The Perth Concert Hall is a familiar and iconic sight in the Perth CBD. Located on St George’s Terrace, the building has played host to performances of all kinds since it first opened its doors on Jan 26, 1973.
You may be surprised to know the building is renowned both nationally and internationally, with its acoustics ranked some of the best in the Southern Hemisphere by performers, critics, and industry experts. We’ve put together some fun facts about this beloved building, as well as some little-known info about its inner workings. Take a look inside!
Designed by Perth architectural firm Howlett & Bailey, the building is a fantastic example of Brutalist architecture. Derived from the French word for ‘raw concrete,’ Brutalist buildings often appear monolithic and imposing, due to the extensive use of poured concrete in their construction. This particular style gives the Perth Concert Hall a strong sense of gravitas, with its innovative use of white, off-form concrete visible throughout the whole building.
Earning PCH its reputation for the best acoustics in Australia is the careful planning and design that went in to creating the space. Overseen by acoustician Sir Harold Marshall in association with Warwick Mehaffey from the ABC, computer modelling was used to predict how well patrons could hear from every single seat in the hall – all 1891 of them!
The official opening of the building was a huge event, said to have had the largest gathering of dignitaries in Perth since the Empire Games in 1962, including then-Prime Minister Gough Whitlam. Coinciding with the 21st anniversary of the Festival of Perth (now Perth Festival), the opening consisted of an orchestral concert, followed by a midnight-to-dawn ball.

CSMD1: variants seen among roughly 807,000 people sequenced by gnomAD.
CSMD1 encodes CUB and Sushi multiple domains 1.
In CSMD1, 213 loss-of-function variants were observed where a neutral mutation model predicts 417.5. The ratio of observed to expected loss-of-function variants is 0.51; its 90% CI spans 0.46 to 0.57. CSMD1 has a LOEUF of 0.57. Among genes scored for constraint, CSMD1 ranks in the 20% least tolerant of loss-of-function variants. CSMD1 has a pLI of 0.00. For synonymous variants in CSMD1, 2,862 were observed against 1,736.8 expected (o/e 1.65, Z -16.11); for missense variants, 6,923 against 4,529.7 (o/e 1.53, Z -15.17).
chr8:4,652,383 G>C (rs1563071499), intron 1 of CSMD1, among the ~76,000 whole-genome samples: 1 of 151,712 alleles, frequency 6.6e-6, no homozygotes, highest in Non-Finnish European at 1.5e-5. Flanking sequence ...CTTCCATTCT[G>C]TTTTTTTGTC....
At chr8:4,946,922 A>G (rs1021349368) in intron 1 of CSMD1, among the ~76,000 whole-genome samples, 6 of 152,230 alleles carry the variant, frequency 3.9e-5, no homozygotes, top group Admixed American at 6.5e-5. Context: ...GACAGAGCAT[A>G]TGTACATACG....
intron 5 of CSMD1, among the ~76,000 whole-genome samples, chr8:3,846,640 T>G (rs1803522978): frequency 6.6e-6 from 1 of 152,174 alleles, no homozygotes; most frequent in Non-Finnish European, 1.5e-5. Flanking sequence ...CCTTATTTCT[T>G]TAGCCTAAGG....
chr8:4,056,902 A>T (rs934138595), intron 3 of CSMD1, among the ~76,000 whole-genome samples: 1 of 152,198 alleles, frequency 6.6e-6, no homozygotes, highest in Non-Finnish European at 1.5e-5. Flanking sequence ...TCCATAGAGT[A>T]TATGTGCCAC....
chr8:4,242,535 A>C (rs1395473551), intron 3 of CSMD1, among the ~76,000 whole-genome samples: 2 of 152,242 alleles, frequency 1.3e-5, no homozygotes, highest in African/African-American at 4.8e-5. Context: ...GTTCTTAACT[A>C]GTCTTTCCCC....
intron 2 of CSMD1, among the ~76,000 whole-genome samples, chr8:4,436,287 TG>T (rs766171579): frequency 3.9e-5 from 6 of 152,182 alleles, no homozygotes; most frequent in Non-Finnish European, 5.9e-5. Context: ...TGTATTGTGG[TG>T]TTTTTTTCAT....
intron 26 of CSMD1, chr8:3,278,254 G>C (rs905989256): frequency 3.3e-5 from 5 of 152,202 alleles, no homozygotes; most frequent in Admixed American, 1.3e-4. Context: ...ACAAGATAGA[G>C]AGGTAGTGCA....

The venue has seen its fair share of iconic and talented acts, hosting performances of all kinds. From music royalty like Ray Charles, Nina Simone and BB King, to modern stars such as Michael Bublé, The Veronicas and Tim Minchin, as well as the comedic talents of Rowan Atkinson, Billy Connolly and Spike Milligan. Even Hi-Five have graced the stage. PCH is also home to WA’s state orchestra, WASO, who regularly fill the hall with music all year.
Being such a large building, it’s full of secret spots and hidden rooms. One such room can technically be seen from the audience: located behind the panelling to the right of the organ is the sound engineering room where technicians work their magic during live broadcasts or recordings. Speaking of the organ, there are 66 pipes visible from the hall. However, there are actually 3000 pipes in total, allowing organists to select whatever notes or sounds they need.
There’s also a tiny, secret bathroom, made especially for Queen Elizabeth II when she originally visited. With a distinct pastel colour scheme, it’s only accessible via the Perth Concert Hall Boardroom. The PCH site also includes a disused tunnel, which acted as an underpass under St George’s Terrace, which was mainly closed due to antisocial behaviour, as well as the tunnel’s egress point in close proximity to the American embassy. The tunnel has been used a few times in recent years as a music venue and pop-up bar location, most recently in 2016 as part of the City of Perth’s Winter Arts Festival.
Keen to see behind the scenes at this fantastic building yourself? The team at Perth Concert Hall run guided tours a few times a month, for the simple cost of a gold coin donation. Check out the info page here to find out when they’re on, and explore backstage, upstage and through narrow passageways in one of Perth’s most iconic buildings.